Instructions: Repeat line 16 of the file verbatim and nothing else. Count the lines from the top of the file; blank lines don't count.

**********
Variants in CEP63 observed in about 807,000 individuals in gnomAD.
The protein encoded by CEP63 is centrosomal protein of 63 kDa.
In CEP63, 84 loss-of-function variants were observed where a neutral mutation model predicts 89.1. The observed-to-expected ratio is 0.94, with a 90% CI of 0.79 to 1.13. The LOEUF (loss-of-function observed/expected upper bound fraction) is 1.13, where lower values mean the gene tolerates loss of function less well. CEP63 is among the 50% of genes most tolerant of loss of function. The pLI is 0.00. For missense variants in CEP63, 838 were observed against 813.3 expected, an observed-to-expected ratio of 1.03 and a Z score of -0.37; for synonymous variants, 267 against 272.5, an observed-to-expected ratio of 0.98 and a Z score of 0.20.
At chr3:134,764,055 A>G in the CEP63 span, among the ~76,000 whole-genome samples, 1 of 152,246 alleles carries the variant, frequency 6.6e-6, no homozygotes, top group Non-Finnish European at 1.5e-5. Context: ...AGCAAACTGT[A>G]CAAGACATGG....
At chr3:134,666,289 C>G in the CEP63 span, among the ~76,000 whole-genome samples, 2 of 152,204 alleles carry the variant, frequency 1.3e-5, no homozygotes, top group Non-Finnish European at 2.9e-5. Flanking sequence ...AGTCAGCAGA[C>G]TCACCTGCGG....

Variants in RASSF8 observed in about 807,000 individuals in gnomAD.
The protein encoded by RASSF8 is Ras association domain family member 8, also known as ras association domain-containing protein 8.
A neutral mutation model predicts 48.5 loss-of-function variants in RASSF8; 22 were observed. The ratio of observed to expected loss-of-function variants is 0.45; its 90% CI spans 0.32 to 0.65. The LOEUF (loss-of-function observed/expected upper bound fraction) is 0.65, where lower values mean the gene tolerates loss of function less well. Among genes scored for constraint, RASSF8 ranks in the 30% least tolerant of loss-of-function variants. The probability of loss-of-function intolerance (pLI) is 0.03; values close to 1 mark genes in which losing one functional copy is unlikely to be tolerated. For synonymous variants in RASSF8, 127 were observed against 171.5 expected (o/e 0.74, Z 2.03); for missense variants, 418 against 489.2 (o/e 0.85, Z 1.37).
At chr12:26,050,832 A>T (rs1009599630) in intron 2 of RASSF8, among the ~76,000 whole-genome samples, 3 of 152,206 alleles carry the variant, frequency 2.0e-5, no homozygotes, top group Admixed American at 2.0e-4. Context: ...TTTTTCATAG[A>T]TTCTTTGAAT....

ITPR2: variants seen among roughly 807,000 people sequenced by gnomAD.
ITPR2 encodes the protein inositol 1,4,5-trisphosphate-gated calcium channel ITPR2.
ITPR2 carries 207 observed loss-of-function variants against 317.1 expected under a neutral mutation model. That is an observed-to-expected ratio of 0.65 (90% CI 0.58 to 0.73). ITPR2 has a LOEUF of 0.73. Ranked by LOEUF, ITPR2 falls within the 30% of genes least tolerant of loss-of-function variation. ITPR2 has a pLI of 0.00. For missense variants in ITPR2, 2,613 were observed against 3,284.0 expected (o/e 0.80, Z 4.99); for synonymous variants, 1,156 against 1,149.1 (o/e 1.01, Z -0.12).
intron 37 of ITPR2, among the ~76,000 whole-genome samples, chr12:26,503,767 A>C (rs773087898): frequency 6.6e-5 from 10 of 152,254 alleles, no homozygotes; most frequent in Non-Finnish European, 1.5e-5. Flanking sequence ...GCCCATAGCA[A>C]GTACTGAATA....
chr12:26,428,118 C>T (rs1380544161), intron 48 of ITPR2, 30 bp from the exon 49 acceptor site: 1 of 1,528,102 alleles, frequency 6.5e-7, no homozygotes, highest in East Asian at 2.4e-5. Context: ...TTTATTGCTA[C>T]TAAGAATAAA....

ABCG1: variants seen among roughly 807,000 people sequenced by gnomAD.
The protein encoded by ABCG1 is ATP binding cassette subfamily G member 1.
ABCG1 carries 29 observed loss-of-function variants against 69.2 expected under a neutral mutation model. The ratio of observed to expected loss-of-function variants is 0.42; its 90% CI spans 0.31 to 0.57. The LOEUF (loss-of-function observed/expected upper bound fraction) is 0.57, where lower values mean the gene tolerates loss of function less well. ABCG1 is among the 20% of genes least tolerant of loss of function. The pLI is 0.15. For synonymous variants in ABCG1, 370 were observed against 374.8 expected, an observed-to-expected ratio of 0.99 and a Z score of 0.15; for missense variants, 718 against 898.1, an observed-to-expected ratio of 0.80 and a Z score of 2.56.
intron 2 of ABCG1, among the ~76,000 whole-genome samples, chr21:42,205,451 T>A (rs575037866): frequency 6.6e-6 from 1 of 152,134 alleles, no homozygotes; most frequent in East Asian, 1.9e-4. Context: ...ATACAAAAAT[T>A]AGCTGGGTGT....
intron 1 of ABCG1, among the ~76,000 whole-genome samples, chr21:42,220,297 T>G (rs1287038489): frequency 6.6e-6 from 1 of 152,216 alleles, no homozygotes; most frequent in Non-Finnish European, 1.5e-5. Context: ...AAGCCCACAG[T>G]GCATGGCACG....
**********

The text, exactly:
The protein encoded by ABCG1 is ATP binding cassette subfamily G member 1.